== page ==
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Puna Route

Catamarca, Jujuy, Salta

Volcanoes, salt flats and colourful deserts over 3,000 metres high depicting breath-taking views.

Boasting spectacular landscapes and towns stuck in a time warp, the Puna Route invites visitors to discover one of the most amazing regions of South America, with out-of-this-world landscapes.

Boasting spectacular landscapes and towns stuck in a time warp, the Puna Route invites visitors to discover one of the most amazing regions of South America, with out-of-this-world landscapes.


Most destinations in the Puna are inhospitable and far from large urban centres, making them ideal for visitors to experience an intense adventure trip. Visitors usually take guided tours or expeditions that depart from Salta City, San Salvador de Jujuy or San Fernando del Valle de Catamarca, as well as from the tourist towns of Quebrada de Humahuaca.

San Salvador de Jujuy. Having a good road infrastructure, this city is the starting point to travel across Quebrada de Humahuaca and along the valleys of the Puna. Near Purmamarca and through Cuesta de Lipán slope, visitors can reach the famous Salinas Grandes salt flats. The beautiful Pozuelos lagoon and Jujuy’s Valle de La Luna (Moon Valley) in Cusi Cusi are located in the north of the province.


Salta Capital City. Amid green valleys, this city is the gate to Salta’s Puna. Through Quebrada del Toro and along a paved road, National Route 51 climbs 4,000 metres high in San Antonio de los Cobres. From this town, visitors can reach La Polvorilla Viaduct, a passage of the famous Tren a las Nubes (Train to the Clouds), and the amazing salt flats and volcanoes of Tolar Grande.


San Fernando del Valle de Catamarca. From the south, Antofagasta de la Sierra is the gateway to the Catamarca Puna. This tourist town is 509 km from Tucumán and 551 km away from San Fernando del Valle. The landscape to get there is an attraction in itself: full of slopes and unforgettable scenic roads. The Laguna Blanca Reserve and Piedra Pómez Field are a must-see in this area. 

How to get there and move around

Offering good flight services, the capital cities of Jujuy, Salta, Catamarca and Tucumán provinces are the gateways to the Puna.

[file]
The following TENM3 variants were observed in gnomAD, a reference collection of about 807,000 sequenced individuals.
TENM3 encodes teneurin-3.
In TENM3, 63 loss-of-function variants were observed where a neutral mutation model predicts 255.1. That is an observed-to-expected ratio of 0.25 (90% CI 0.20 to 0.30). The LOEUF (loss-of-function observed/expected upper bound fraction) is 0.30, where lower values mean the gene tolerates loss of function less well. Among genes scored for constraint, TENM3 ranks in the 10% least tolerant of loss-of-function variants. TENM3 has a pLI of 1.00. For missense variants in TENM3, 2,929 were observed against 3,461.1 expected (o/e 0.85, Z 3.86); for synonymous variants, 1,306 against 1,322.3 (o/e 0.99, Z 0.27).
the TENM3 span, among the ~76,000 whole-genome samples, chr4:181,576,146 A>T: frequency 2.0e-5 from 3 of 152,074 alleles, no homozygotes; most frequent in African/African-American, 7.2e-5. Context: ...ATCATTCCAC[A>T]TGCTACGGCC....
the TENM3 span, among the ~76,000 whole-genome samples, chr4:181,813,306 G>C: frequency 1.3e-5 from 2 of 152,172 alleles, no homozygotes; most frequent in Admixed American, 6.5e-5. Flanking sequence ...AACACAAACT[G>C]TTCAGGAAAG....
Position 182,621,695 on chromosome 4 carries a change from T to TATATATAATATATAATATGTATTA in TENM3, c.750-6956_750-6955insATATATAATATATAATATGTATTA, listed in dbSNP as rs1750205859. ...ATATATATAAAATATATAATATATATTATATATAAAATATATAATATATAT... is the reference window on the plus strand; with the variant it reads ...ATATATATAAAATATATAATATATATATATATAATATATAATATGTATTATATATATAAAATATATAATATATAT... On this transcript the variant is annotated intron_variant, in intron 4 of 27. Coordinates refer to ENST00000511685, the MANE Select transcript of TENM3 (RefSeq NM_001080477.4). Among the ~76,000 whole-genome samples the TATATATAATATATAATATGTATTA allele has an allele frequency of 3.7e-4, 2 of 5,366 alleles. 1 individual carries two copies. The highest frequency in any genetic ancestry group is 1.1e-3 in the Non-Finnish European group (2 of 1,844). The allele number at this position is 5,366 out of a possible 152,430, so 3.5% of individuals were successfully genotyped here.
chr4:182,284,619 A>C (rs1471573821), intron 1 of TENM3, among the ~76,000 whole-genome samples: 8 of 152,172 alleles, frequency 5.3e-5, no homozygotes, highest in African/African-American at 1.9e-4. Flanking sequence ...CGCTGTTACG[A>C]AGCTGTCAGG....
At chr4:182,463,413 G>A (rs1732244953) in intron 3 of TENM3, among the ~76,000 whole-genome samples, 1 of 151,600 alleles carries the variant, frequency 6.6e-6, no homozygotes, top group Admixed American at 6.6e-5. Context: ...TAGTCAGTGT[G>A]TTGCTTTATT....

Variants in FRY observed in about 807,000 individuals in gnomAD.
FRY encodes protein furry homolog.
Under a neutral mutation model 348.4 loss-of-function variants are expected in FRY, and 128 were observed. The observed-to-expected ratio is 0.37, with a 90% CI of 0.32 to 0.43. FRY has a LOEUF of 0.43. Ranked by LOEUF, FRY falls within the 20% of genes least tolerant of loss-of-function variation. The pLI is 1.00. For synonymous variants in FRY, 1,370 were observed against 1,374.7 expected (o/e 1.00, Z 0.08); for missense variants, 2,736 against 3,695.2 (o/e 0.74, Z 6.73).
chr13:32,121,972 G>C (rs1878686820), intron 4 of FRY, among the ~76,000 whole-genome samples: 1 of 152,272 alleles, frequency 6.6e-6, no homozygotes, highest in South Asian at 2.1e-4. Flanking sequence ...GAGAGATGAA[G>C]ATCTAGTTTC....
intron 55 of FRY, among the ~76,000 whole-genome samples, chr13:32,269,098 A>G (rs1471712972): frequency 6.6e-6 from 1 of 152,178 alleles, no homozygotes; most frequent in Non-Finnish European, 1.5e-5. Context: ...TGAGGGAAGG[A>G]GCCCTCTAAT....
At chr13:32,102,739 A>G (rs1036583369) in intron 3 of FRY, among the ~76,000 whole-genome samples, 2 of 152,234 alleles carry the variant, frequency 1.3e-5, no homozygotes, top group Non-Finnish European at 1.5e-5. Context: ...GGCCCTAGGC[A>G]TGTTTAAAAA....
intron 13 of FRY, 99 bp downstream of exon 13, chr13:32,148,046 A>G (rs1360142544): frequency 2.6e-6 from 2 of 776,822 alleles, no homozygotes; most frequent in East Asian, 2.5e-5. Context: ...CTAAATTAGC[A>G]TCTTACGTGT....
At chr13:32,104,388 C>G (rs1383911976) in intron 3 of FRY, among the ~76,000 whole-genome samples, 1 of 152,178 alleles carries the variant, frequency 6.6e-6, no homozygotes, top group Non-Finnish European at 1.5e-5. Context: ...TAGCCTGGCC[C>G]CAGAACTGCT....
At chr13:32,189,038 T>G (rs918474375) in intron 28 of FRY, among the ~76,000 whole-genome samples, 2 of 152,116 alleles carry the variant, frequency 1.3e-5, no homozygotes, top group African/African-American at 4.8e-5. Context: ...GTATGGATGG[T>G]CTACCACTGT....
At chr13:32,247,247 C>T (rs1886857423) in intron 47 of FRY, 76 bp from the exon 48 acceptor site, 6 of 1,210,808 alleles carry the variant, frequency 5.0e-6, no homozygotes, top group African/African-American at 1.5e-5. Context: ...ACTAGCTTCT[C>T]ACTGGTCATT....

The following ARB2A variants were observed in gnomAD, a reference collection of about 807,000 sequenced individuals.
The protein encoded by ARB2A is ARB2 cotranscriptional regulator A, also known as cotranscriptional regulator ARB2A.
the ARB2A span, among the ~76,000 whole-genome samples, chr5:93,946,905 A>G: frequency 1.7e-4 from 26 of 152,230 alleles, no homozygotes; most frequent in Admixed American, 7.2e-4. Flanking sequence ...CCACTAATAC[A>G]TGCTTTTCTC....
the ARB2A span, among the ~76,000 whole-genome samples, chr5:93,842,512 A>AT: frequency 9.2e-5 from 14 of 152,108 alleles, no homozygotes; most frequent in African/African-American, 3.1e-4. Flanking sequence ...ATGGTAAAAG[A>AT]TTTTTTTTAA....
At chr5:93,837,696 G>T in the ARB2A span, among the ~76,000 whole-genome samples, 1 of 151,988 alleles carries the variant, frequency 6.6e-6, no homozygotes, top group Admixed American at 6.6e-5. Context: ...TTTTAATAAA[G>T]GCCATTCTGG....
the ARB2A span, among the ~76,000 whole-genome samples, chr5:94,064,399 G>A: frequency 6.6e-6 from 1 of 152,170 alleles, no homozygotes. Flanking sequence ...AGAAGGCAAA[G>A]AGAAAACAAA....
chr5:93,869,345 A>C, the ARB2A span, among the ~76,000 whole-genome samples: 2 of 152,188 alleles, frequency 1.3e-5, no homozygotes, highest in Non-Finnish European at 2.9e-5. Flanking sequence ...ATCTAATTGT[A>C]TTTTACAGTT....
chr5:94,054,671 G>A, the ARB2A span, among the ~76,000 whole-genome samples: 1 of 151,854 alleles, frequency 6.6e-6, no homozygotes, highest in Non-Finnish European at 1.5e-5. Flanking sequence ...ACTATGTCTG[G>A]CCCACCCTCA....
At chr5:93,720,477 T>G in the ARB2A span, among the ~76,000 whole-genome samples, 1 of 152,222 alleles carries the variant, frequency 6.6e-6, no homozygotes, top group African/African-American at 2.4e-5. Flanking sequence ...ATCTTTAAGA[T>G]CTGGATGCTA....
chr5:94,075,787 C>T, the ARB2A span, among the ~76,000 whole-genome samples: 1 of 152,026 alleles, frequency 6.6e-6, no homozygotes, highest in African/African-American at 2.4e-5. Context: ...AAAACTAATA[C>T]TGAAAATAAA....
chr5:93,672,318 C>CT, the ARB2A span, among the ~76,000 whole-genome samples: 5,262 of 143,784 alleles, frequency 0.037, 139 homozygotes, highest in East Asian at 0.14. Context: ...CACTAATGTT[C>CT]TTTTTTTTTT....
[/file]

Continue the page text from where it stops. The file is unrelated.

Visitors can travel on the roads in high vehicles or 4WDs. The long distances and rural highlands make it ideal to travel with local guides or tour operators who provide their own vehicles and take care of all the logistics.

There are almost no bus services in the area.


Where to stay

There is a good accommodation offer in the provincial capital cities. 


Once in the Puna, visitors should bear in mind that towns are small and lodgings are modest, ranging from hostels to homestay accommodation to welcome guests. Likewise, there are community tourism proposals and municipal refuges.


When to travel


The best time to travel is the dry season, i.e., April-May or October-November. In general, the rainfall season runs from December to March, and some roads may become impassable. 


Due to the high altitude, temperatures tend to be very low in winter (June-August) and also even in summer nights. A coat will do. 


If visitors want to birdwatch, there is a nature calendar of species available.


Given the current health situation, it is advisable to check the access requirements before visiting the province. Some attractions may require booking in advance. 


Most destinations are rural and should be visited in guided tours or with the company of authorised personnel. 


The height, distance, condition of the roads as well as the huge temperature amplitude are challenges that demand experience and planning. If visitors travel on their own, they should take printed maps or download them on their cell phones (most locations do not have Wi-Fi signal), take cash with them, make sure to have a full car tank and check the condition of the road and the weather forecast, particularly during the rain seasons (December-March) when roads may turn impassable. It should be noted that roads in the Puna can be challenging.


Visitors should be aware of altitude sickness, insolation and dehydration. More tips here.


Important: Do not travel if you are suffering from physical or mental fatigue. For people with cardiovascular disease and/or high or low blood pressure, visiting the highlands is not advisable.

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